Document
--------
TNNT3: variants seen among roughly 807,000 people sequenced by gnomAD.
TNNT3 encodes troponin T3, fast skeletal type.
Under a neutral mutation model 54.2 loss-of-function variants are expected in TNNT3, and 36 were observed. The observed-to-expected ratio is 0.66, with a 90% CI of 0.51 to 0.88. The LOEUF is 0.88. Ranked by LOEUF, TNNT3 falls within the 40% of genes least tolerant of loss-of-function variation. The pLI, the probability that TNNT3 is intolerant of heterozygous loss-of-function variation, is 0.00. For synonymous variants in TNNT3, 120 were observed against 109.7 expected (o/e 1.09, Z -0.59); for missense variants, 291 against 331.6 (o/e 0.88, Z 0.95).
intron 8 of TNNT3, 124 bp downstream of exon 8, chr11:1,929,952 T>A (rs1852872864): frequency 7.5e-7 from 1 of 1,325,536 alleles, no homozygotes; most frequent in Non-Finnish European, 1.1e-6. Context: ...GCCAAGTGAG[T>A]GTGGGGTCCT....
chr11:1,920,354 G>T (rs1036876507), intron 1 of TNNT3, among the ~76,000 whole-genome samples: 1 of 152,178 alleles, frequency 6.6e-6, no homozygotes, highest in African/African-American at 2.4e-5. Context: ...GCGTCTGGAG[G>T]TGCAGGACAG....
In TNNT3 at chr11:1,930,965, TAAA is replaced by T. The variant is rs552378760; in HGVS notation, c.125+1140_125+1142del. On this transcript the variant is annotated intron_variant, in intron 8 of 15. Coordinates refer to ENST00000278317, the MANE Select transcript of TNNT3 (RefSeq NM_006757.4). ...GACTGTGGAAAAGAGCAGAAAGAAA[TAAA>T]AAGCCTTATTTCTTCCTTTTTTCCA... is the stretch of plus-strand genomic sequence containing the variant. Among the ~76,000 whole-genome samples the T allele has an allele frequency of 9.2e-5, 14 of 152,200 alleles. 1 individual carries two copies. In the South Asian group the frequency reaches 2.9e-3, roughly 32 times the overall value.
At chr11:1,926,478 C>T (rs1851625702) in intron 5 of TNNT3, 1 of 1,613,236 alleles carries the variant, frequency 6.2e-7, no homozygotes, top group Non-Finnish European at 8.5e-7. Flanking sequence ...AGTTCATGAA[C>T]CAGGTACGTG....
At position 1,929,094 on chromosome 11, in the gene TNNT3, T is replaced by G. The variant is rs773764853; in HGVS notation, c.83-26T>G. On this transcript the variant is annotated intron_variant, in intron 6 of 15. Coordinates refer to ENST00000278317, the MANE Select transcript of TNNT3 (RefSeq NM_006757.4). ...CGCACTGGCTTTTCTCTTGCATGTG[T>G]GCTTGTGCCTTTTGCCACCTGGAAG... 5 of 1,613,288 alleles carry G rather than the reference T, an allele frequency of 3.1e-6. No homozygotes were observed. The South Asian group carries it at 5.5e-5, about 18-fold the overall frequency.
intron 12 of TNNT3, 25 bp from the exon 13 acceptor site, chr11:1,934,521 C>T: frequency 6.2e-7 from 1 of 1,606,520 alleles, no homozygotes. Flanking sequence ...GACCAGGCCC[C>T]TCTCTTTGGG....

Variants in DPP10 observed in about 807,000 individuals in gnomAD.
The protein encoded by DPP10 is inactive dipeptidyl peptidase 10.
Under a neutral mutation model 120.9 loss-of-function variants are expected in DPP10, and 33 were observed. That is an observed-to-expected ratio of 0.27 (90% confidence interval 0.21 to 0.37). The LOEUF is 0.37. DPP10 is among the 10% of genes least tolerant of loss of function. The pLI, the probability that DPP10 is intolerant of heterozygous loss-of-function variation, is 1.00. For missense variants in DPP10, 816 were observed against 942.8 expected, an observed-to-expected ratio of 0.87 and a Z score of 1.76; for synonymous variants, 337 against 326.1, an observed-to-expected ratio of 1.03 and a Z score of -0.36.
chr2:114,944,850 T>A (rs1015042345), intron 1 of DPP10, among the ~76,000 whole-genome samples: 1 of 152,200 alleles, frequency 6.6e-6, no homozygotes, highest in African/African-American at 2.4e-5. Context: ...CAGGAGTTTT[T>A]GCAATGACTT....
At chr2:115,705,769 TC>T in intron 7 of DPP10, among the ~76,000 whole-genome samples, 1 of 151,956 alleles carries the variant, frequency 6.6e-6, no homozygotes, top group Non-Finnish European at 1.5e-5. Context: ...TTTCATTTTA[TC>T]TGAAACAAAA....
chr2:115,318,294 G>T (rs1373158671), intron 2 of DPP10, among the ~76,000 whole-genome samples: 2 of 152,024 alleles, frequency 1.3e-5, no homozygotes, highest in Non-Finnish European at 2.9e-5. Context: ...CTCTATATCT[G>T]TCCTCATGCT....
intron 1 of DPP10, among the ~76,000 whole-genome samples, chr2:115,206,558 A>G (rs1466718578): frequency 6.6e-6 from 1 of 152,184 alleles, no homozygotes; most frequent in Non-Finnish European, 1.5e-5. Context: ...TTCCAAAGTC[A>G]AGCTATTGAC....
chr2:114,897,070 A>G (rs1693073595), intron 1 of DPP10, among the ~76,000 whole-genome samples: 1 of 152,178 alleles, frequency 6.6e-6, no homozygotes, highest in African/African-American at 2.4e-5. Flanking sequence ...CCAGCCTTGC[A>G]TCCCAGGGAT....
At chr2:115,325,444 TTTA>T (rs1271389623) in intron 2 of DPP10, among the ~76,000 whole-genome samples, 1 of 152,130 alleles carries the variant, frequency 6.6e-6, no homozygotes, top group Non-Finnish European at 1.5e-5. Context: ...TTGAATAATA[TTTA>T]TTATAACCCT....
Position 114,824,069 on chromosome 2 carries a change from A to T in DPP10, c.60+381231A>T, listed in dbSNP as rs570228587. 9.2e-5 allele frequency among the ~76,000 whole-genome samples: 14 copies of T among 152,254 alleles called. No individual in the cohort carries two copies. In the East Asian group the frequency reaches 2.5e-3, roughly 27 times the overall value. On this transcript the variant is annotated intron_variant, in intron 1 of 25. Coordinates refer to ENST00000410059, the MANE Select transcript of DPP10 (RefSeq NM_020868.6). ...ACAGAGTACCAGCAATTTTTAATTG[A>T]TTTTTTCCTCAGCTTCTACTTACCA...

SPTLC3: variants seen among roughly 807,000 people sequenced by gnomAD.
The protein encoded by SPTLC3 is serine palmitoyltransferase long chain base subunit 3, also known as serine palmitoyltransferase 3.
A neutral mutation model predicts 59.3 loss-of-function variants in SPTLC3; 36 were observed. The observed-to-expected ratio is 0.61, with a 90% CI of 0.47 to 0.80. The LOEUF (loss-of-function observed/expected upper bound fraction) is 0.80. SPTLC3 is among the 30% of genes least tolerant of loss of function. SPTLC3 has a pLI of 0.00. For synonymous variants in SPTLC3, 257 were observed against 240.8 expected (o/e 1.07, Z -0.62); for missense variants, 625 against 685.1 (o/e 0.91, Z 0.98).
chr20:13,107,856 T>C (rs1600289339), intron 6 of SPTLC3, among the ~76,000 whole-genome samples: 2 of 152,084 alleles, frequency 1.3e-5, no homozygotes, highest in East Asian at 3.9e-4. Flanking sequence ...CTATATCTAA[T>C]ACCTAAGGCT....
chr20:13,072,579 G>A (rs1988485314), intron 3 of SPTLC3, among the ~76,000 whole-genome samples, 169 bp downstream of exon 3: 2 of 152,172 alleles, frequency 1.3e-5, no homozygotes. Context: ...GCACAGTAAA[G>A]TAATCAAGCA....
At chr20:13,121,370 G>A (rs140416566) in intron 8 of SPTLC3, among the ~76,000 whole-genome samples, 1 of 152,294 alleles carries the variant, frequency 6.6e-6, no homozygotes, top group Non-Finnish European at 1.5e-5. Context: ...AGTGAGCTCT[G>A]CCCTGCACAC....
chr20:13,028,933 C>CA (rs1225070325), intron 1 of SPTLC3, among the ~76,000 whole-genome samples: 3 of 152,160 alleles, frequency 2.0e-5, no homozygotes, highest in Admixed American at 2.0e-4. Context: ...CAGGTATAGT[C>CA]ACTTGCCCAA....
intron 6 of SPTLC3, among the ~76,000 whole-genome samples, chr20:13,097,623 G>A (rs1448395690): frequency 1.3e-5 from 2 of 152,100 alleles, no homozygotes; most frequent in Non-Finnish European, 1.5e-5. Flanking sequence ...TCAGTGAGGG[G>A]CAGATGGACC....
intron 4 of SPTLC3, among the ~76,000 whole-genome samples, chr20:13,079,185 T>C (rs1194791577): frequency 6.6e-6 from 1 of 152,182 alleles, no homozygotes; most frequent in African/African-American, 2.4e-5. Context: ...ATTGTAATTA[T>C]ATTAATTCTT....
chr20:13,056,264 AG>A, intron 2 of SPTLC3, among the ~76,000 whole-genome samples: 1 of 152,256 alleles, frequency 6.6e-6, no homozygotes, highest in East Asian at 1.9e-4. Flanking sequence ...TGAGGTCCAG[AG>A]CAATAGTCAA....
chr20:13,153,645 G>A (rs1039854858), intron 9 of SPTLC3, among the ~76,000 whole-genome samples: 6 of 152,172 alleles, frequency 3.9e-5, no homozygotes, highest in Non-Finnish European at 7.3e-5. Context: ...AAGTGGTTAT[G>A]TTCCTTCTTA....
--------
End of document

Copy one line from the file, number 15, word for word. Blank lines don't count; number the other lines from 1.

chr2:115,318,294 G>T (rs1373158671), intron 2 of DPP10, among the ~76,000 whole-genome samples: 2 of 152,024 alleles, frequency 1.3e-5, no homozygotes, highest in Non-Finnish European at 2.9e-5. Context: ...CTCTATATCT[G>T]TCCTCATGCT....